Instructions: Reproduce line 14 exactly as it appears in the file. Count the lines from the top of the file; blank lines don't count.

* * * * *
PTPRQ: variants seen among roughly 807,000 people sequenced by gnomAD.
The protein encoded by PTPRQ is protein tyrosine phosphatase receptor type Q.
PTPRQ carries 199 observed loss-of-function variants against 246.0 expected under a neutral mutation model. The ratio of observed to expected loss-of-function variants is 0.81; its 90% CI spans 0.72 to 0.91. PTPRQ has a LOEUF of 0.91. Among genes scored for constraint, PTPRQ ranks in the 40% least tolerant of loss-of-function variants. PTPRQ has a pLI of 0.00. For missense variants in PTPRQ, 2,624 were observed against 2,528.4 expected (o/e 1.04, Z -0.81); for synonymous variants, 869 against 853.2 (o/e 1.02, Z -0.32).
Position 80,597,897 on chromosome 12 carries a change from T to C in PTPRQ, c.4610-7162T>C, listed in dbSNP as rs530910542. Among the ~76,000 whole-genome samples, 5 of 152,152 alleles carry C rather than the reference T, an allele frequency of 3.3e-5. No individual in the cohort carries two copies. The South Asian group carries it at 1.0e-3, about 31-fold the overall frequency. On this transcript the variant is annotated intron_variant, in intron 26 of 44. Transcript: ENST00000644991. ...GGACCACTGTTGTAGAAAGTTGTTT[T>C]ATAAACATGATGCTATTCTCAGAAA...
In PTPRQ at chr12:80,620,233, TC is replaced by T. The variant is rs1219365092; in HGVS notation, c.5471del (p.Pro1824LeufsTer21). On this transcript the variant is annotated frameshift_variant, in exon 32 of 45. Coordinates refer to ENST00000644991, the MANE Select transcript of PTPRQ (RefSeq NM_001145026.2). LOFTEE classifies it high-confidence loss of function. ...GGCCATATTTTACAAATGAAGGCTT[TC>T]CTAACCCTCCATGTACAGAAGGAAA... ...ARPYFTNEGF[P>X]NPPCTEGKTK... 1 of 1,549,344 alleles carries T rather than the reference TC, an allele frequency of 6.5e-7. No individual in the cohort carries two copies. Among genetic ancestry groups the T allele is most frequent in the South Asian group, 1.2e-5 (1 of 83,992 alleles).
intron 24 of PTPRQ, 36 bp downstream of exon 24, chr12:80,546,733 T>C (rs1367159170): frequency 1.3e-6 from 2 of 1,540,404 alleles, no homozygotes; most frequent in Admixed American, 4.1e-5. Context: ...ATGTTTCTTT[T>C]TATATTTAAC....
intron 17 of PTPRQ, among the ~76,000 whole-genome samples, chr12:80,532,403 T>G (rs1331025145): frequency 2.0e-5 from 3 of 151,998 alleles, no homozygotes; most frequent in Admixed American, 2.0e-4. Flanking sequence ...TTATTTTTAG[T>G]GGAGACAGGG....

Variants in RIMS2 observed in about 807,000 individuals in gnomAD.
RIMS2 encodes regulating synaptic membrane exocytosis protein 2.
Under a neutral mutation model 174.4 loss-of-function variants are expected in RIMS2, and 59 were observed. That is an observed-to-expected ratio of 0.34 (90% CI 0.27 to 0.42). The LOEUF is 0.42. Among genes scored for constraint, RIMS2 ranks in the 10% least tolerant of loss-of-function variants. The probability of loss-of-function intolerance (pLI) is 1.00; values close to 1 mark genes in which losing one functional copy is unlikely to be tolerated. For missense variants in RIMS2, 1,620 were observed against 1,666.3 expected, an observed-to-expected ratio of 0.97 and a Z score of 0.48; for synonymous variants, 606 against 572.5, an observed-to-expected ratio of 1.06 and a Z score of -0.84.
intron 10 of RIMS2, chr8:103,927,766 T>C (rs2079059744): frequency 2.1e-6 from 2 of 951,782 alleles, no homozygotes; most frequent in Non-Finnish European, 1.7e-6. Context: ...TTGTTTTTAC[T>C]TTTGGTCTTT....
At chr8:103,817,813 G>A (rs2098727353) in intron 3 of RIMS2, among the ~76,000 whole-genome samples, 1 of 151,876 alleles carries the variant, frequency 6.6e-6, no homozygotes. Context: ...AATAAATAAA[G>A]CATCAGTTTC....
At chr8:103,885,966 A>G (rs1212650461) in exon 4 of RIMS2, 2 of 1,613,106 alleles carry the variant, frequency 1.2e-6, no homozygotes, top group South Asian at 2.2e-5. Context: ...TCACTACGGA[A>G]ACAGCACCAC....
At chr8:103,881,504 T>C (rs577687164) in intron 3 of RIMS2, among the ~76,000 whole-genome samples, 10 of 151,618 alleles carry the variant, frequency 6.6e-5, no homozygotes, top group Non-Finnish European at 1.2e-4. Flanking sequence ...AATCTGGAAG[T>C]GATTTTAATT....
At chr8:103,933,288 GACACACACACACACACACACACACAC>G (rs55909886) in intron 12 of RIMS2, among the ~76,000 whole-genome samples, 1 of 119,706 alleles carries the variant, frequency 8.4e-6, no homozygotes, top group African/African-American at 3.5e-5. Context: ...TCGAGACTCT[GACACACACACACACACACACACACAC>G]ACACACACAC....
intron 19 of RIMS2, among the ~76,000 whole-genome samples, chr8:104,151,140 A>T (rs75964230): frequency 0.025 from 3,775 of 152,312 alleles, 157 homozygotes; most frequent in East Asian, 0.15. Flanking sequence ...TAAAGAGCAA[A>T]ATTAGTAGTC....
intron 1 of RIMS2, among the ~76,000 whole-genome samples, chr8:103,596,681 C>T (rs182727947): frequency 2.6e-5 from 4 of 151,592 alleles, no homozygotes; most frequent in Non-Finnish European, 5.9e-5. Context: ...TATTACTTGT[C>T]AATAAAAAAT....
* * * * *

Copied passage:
At chr8:103,881,504 T>C (rs577687164) in intron 3 of RIMS2, among the ~76,000 whole-genome samples, 10 of 151,618 alleles carry the variant, frequency 6.6e-5, no homozygotes, top group Non-Finnish European at 1.2e-4. Flanking sequence ...AATCTGGAAG[T>C]GATTTTAATT....